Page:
LANSING, Mich. — Trial for the local woman accused of conspiring with her lover, Jacob Ficher, to have her husband killed has been postponed. Bdour Al-Yasari's trial was set for Monday, but Judge Joyce Draganchuk decided to set a later date at the request of Al-Yasari's defense.
Abood Law took on the year-long case in January and told the judge they needed more time to prepare and gather their own expert witnesses.
"It's important that Bdour is represented by competent legal counsel and that they're prepared. That's a constitutional right and that's one that we try and do with all our clients and this particular case, given the amount of evidence, specifically the evidence that has been coming in over the last couple weeks. It's important that it's fully evaluated and vetted by her defense counsel," said Attorney Andrew Abood.
The defense also asked the judge for certain evidence to be suppressed from the trial from an interview police conducted with Al-Yasari the night her husband Amar was found dead in their home.
"We believe she gave a statement in violation with her Miranda because the interrogating officer gave her bad legal advice and told her everything would remain confidential or would be confidential," said Abood.
That interrogating officer, a detective from the Ingham County Sheriff's Office, said on the stand Tuesday that he read Al- Yasari her Miranda rights and had a different understanding of the word 'confidential.'
"I explained to her that everything we said in that room is going to stay between her and I and if her parents or her family were to ask me about it I would defer right back to her," said Detective William Lo.
Transcripts from the interview show Al-Yasari said to Lo, "but my par..my family should not know. Anything I say is confidential and I don't give permission to anyone."
Abood also wants her cell phone that was taken as evidence that night, withheld.
"They took her cell phone without a warrant and we believe it was without probable cause," said Abood.
Detective Lo said he believed there was probable cause and because of how late it was, they would have been able to obtain a warrant before Al-Yasari left the station.
"For the preservation of the contents of that, just to have to make sure that it doesn't get altered or destroyed in any way," said Lo when asked why by the prosecutor.
The judge is expected to set a trial date and decide if the phone evidence will be thrown out at a hearing on Thursday.
Ficher, has already been convicted of the crime and sentenced to life without parole.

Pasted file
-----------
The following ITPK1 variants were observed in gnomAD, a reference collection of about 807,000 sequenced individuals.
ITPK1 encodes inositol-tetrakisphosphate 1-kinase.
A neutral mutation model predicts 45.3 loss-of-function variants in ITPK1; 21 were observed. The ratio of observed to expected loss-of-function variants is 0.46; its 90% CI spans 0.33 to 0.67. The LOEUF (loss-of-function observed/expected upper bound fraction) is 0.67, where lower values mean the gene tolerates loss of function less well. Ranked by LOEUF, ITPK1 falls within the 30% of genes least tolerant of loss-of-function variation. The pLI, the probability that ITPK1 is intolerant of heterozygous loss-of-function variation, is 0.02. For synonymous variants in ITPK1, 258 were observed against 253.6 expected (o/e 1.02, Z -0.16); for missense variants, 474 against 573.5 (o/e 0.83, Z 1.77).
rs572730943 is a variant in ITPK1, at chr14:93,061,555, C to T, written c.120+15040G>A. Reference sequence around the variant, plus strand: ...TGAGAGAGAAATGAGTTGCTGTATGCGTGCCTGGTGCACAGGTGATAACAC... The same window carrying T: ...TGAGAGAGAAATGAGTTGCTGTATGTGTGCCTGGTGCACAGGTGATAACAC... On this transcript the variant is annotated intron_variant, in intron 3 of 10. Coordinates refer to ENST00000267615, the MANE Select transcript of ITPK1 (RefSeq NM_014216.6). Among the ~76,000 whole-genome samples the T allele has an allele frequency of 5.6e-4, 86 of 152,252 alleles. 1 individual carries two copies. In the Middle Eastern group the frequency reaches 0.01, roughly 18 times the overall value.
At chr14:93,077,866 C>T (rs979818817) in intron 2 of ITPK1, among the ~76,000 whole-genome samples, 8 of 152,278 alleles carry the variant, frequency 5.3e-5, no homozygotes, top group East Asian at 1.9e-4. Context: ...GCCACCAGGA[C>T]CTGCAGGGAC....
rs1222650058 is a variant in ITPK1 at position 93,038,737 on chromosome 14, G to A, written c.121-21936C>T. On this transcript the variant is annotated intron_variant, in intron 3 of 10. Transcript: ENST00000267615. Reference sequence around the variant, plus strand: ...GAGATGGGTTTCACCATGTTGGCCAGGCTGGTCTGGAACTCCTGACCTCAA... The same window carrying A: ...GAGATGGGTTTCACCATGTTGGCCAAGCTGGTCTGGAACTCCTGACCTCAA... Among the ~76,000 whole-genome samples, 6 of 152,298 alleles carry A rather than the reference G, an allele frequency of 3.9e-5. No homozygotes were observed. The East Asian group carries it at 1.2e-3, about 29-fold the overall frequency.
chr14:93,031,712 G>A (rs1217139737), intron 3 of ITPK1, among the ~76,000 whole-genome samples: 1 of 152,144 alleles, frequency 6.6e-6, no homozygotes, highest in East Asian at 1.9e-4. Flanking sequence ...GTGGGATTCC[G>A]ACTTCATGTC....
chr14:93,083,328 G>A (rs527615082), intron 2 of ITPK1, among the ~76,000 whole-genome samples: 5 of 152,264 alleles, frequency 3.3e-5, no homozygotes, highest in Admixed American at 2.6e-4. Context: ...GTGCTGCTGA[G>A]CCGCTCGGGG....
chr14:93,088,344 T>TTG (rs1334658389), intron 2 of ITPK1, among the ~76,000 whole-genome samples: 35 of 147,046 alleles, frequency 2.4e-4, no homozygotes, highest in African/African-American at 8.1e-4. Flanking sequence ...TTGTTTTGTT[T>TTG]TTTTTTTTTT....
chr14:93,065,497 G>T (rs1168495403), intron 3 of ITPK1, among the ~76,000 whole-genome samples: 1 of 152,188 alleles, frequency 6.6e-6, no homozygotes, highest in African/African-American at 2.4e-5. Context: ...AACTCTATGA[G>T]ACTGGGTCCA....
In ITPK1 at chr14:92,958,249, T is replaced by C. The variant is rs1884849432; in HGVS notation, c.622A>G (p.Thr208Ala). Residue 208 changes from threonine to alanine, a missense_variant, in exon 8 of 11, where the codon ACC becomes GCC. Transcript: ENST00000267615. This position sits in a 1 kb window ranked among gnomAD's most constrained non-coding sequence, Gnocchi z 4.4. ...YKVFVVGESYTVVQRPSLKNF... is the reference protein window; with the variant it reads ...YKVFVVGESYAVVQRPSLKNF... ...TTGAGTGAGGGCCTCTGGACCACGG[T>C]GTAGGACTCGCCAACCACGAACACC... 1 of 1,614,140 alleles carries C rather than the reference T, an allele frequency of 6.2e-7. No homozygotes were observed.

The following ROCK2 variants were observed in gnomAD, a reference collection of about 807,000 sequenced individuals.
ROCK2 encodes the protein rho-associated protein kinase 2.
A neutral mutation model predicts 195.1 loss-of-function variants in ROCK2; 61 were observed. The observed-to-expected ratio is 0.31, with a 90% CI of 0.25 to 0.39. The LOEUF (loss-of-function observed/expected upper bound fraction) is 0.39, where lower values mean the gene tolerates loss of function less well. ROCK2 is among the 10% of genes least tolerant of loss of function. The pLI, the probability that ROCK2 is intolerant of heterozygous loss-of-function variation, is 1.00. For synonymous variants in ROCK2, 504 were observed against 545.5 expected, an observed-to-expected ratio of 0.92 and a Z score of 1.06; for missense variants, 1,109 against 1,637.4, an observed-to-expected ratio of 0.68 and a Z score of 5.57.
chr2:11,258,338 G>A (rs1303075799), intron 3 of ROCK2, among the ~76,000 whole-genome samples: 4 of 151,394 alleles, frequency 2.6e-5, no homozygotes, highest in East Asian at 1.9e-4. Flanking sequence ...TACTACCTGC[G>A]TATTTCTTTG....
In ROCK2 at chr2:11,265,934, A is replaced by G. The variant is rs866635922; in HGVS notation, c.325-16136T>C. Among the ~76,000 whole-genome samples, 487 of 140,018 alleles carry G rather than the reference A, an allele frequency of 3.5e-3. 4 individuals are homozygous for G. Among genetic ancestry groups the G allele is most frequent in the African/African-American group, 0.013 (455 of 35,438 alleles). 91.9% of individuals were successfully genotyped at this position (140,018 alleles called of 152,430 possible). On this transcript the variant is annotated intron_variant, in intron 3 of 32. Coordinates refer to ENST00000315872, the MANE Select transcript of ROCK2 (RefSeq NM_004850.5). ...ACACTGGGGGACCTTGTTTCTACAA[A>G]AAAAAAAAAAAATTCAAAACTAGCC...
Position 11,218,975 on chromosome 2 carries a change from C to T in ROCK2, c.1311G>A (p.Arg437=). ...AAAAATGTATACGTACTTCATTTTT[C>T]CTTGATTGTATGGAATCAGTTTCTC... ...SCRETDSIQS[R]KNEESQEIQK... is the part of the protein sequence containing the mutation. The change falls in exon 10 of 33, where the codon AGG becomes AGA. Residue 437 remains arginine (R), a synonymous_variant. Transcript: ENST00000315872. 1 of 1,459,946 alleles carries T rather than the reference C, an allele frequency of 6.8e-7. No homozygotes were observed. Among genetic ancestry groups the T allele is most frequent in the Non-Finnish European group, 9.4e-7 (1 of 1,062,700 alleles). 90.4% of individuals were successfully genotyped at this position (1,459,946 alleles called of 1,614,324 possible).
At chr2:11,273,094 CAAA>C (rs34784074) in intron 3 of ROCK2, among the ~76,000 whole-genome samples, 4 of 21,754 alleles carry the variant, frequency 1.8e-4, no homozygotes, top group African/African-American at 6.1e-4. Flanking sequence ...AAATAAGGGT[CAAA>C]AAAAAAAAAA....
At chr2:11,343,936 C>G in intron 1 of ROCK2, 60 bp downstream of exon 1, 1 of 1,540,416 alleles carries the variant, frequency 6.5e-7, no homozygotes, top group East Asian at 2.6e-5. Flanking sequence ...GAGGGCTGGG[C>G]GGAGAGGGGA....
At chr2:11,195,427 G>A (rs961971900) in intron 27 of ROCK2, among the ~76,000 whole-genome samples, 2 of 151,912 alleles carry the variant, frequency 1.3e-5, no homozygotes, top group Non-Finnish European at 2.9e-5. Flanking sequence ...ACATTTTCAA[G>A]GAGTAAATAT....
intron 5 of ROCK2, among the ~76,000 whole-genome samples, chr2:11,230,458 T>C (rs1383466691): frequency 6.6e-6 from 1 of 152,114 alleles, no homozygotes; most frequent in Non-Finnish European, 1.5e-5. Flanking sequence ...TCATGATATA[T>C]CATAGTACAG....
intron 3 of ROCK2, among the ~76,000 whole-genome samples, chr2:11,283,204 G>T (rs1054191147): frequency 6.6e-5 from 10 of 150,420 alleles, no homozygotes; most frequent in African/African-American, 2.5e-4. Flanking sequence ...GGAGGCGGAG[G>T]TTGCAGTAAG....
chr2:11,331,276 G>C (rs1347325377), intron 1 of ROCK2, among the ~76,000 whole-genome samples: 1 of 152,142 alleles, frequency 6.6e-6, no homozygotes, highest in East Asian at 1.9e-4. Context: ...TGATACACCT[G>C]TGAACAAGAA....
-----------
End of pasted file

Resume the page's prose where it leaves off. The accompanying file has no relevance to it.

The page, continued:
Ficher said he went to the house that day to threaten Amar and confront him about the abuse that his lover, Al-Yasari, told him about.
"She did want a divorce, but one of the things she discussed was how she felt in danger trying to leave him because he had threatened, on multiple occasions, that if she had tried to leave, he would kill her," Ficher said.
Ficher said Bdour turned off her home's security to let him inside so that he could confront her husband about the abuse while she was at work.
That's when Ficher said he realized that a simple conversation wasn't going to be enough.
"A discussion wasn't going to push him away from the actions that he was doing," Ficher said. "He needed to be scared, he needed to be really scared. I wanted him that scared. I wanted him to leave. Whether he ran to police or a different country, I just wanted him to be gone."
Ficher claims Amar arrived home, saw him and swung at him, which lead Ficher to fight back.
"I fired off two strikes with my right hand which was holding the ax," Ficher said in court. "All I could hear was my heartbeat and I just kept swinging, and kept swinging and kept swinging."
Ficher struck Amar 24 times with the ax.
Ficher said he then found a bottle of bleach in the pantry and poured it over the body, and then left through the front door.
He also got rid of his backpack that carried the murder weapon.
Ficher maintains that Bdour had no involvement.
During his sentencing, Al-Yasari's sister gave a statement saying Ficher "destroyed our lives."
"He destroyed my life. He destroyed my family. He destroyed the kids," Vahraa Al-Yasari said. "Amar he was a good guy. He never hurt anyone."
Ficher said he was sorry that his actions led to a man dying, and Bdour being separated from her two children.
He was also sentenced to pay $20,000 in restitution to Amar Al-Yasari's family, along with other fees to the state.
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